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Young Doesn't Mean Invincible When It Comes To Strokes

Strokes sounds like an old folks' problem, but they hit young people, too. And they don't all shake it off. One-third of people who had a stroke before age 50 are struggling with disability and loss of function nine years later.

Many of those people aren't able to live independently or need help with everyday tasks, such as managing their finances or personal care, a study of young stroke survivors finds. About 1 in 8 wasn't able to live independently.

Dutch researchers looked at how 722 people were doing after having a stroke between the ages of 18 and 50. About 10 percent of strokes affect this age group.

Doctors often predict full recovery for younger stroke patients, the study authors note, just because they're young. But the road back can be rough, these data suggest, and patients and their families should be aware that a full recovery may be impossible.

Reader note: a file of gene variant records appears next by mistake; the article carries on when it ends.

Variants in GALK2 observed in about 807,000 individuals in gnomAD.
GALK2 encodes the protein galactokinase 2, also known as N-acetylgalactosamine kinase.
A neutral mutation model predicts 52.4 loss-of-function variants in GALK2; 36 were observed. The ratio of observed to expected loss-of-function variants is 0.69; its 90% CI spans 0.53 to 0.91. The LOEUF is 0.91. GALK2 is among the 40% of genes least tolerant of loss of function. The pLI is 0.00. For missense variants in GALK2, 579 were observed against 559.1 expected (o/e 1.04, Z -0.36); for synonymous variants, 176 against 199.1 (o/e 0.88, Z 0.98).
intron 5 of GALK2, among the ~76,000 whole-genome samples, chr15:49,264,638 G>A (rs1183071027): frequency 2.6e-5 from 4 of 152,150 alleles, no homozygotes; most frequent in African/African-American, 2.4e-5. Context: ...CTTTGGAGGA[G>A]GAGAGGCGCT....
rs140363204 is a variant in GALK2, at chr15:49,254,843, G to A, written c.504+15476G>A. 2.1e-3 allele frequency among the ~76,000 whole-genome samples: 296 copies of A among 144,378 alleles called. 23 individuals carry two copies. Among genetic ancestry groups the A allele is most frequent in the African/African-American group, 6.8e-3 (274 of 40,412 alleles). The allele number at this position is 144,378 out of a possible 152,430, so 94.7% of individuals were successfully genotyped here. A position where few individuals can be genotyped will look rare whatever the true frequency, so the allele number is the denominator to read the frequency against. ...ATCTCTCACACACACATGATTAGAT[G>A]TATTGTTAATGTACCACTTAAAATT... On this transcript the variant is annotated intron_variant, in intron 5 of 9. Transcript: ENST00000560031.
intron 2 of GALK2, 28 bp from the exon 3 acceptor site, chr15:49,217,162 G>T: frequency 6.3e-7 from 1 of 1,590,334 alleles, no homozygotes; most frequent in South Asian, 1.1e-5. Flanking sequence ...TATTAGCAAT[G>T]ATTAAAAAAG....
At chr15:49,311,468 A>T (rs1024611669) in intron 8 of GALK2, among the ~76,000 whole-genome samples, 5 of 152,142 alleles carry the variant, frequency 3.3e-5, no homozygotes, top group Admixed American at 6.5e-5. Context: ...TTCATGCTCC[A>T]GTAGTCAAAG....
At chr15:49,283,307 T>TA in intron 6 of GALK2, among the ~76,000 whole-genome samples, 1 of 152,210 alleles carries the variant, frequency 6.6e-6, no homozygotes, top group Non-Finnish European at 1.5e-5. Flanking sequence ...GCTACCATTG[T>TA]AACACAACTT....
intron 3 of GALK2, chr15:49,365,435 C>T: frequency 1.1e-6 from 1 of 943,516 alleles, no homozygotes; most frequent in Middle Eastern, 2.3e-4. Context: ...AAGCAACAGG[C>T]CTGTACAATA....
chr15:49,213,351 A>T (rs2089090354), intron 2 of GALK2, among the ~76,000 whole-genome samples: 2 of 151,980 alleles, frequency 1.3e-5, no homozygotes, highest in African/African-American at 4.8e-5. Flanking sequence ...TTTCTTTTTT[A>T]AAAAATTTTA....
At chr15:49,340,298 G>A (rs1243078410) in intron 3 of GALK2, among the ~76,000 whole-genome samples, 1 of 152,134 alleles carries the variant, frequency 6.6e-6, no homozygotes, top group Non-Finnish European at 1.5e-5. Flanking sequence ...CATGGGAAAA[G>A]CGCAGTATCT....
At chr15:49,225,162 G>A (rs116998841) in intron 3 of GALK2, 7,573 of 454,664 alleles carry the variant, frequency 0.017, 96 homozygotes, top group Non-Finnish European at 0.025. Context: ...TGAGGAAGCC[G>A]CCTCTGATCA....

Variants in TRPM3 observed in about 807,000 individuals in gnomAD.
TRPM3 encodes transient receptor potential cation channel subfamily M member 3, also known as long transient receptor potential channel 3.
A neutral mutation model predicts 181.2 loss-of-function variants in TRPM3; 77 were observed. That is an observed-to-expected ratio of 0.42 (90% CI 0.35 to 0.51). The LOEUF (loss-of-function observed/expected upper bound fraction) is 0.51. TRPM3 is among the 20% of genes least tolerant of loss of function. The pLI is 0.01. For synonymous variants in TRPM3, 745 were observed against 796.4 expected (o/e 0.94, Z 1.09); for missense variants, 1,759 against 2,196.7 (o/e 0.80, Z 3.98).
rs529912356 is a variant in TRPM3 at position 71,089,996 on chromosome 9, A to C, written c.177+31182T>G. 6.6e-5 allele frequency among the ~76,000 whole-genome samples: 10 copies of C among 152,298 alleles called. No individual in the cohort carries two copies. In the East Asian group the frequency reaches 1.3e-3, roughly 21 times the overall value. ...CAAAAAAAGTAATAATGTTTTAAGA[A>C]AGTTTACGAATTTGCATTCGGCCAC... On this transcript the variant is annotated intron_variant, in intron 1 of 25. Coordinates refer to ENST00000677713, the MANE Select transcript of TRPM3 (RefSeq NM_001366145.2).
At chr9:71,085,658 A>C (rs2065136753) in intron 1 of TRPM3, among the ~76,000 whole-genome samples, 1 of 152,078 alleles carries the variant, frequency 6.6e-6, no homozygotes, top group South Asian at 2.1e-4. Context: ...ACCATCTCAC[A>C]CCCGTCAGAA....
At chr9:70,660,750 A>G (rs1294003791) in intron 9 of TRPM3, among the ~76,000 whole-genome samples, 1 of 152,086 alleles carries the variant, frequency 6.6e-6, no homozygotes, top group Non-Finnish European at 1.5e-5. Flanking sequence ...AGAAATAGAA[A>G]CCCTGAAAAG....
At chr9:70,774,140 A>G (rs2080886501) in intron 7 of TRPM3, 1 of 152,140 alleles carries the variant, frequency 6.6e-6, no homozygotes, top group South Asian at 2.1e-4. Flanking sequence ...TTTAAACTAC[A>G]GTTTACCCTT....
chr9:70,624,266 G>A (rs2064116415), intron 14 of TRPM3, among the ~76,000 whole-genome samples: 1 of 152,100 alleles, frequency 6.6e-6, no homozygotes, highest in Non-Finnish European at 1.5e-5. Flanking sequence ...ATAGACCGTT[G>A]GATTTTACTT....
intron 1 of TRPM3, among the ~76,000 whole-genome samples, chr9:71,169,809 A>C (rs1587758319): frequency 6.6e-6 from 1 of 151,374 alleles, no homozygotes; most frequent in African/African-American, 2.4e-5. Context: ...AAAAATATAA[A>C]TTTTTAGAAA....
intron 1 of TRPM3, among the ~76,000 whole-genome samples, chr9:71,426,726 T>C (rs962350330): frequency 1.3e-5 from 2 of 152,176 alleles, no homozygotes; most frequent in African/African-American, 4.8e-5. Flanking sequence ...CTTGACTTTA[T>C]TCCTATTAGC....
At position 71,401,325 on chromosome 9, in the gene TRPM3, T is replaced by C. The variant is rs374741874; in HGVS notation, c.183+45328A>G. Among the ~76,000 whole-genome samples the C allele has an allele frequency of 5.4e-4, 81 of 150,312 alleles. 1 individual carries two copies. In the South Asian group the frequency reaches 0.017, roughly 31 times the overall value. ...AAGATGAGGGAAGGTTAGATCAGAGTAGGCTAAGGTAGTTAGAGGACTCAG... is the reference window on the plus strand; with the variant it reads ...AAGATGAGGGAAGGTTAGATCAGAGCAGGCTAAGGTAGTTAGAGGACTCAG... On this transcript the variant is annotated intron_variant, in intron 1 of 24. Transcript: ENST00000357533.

People who had more severe strokes were less likely to regain function, not surprisingly, as were people who were at the upper end of the age range.

The type of stroke mattered, too. People who had a transient ischemic attack, a small stroke that comes and goes quickly, showed the best recovery, with 11 percent having poor outcomes as measured by a scale that measures the ability to handle everyday tasks such as driving a car, shopping and cooking, managing a household and using a phone.

With people who had an ischemic stroke caused by a blood clot, almost 15 percent weren't self-sufficient; and 18 percent of people who had strokes caused by bleeding in the brain were disabled.

This is part of a long term study of younger people in the Netherlands who had strokes, starting in 1980 and following them until 2011. It's unusual to ahve a long-term study like this, especially in an age group that's been less frequently studied because they're considered at lower risk.

The results were reported Thursday in the journal Stroke.

The moral of this story, of course, is that avoiding stroke is a really good idea. High blood pressure and cigarette smoking are two of the biggest risk factors, along with diabetes Obesity and lack of exercise matter, too.

Copyright 2014 NPR. To see more, visit http://www.npr.org/.

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